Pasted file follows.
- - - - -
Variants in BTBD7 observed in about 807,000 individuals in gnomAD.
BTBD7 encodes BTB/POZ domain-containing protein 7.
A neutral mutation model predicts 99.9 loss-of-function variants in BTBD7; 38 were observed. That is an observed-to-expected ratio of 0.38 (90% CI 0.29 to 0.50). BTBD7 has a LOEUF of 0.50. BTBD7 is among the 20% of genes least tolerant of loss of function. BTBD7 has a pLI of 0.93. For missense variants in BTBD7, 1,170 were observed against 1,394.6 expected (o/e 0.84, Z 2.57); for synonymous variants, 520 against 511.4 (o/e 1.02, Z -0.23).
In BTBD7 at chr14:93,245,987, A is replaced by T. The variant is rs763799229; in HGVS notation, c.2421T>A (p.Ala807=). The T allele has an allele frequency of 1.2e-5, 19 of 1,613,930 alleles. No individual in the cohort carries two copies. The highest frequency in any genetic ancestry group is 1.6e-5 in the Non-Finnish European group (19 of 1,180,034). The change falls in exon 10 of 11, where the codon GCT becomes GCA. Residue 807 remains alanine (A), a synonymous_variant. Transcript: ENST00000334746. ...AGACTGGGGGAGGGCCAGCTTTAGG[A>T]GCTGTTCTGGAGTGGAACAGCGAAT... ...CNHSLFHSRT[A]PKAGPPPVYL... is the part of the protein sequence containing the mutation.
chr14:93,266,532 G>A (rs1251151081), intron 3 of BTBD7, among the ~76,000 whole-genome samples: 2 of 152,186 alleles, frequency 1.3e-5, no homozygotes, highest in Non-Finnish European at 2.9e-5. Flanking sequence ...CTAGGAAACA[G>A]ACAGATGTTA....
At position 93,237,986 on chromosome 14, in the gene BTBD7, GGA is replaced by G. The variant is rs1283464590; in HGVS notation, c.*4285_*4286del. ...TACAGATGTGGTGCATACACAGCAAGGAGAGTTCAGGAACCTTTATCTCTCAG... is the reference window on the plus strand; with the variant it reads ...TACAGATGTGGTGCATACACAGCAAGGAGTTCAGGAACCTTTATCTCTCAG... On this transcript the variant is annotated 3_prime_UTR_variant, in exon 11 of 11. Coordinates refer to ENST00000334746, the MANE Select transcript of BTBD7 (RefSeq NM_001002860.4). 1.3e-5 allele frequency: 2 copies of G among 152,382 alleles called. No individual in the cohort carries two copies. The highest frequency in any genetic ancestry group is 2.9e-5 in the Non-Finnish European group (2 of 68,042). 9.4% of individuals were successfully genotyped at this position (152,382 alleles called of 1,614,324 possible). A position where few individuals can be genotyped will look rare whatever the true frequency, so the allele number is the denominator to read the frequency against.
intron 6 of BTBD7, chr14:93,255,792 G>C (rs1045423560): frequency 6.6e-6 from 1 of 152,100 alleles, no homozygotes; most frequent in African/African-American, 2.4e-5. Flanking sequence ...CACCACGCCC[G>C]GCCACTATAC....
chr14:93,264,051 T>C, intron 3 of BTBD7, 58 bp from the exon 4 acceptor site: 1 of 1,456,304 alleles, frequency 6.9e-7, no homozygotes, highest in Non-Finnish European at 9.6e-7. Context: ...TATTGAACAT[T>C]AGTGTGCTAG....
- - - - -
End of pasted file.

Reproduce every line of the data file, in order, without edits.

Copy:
Variants in BTBD7 observed in about 807,000 individuals in gnomAD.
BTBD7 encodes BTB/POZ domain-containing protein 7.
A neutral mutation model predicts 99.9 loss-of-function variants in BTBD7; 38 were observed. That is an observed-to-expected ratio of 0.38 (90% CI 0.29 to 0.50). BTBD7 has a LOEUF of 0.50. BTBD7 is among the 20% of genes least tolerant of loss of function. BTBD7 has a pLI of 0.93. For missense variants in BTBD7, 1,170 were observed against 1,394.6 expected (o/e 0.84, Z 2.57); for synonymous variants, 520 against 511.4 (o/e 1.02, Z -0.23).
In BTBD7 at chr14:93,245,987, A is replaced by T. The variant is rs763799229; in HGVS notation, c.2421T>A (p.Ala807=). The T allele has an allele frequency of 1.2e-5, 19 of 1,613,930 alleles. No individual in the cohort carries two copies. The highest frequency in any genetic ancestry group is 1.6e-5 in the Non-Finnish European group (19 of 1,180,034). The change falls in exon 10 of 11, where the codon GCT becomes GCA. Residue 807 remains alanine (A), a synonymous_variant. Transcript: ENST00000334746. ...AGACTGGGGGAGGGCCAGCTTTAGG[A>T]GCTGTTCTGGAGTGGAACAGCGAAT... ...CNHSLFHSRT[A]PKAGPPPVYL... is the part of the protein sequence containing the mutation.
chr14:93,266,532 G>A (rs1251151081), intron 3 of BTBD7, among the ~76,000 whole-genome samples: 2 of 152,186 alleles, frequency 1.3e-5, no homozygotes, highest in Non-Finnish European at 2.9e-5. Flanking sequence ...CTAGGAAACA[G>A]ACAGATGTTA....
At position 93,237,986 on chromosome 14, in the gene BTBD7, GGA is replaced by G. The variant is rs1283464590; in HGVS notation, c.*4285_*4286del. ...TACAGATGTGGTGCATACACAGCAAGGAGAGTTCAGGAACCTTTATCTCTCAG... is the reference window on the plus strand; with the variant it reads ...TACAGATGTGGTGCATACACAGCAAGGAGTTCAGGAACCTTTATCTCTCAG... On this transcript the variant is annotated 3_prime_UTR_variant, in exon 11 of 11. Coordinates refer to ENST00000334746, the MANE Select transcript of BTBD7 (RefSeq NM_001002860.4). 1.3e-5 allele frequency: 2 copies of G among 152,382 alleles called. No individual in the cohort carries two copies. The highest frequency in any genetic ancestry group is 2.9e-5 in the Non-Finnish European group (2 of 68,042). 9.4% of individuals were successfully genotyped at this position (152,382 alleles called of 1,614,324 possible). A position where few individuals can be genotyped will look rare whatever the true frequency, so the allele number is the denominator to read the frequency against.
intron 6 of BTBD7, chr14:93,255,792 G>C (rs1045423560): frequency 6.6e-6 from 1 of 152,100 alleles, no homozygotes; most frequent in African/African-American, 2.4e-5. Flanking sequence ...CACCACGCCC[G>C]GCCACTATAC....
chr14:93,264,051 T>C, intron 3 of BTBD7, 58 bp from the exon 4 acceptor site: 1 of 1,456,304 alleles, frequency 6.9e-7, no homozygotes, highest in Non-Finnish European at 9.6e-7. Context: ...TATTGAACAT[T>C]AGTGTGCTAG....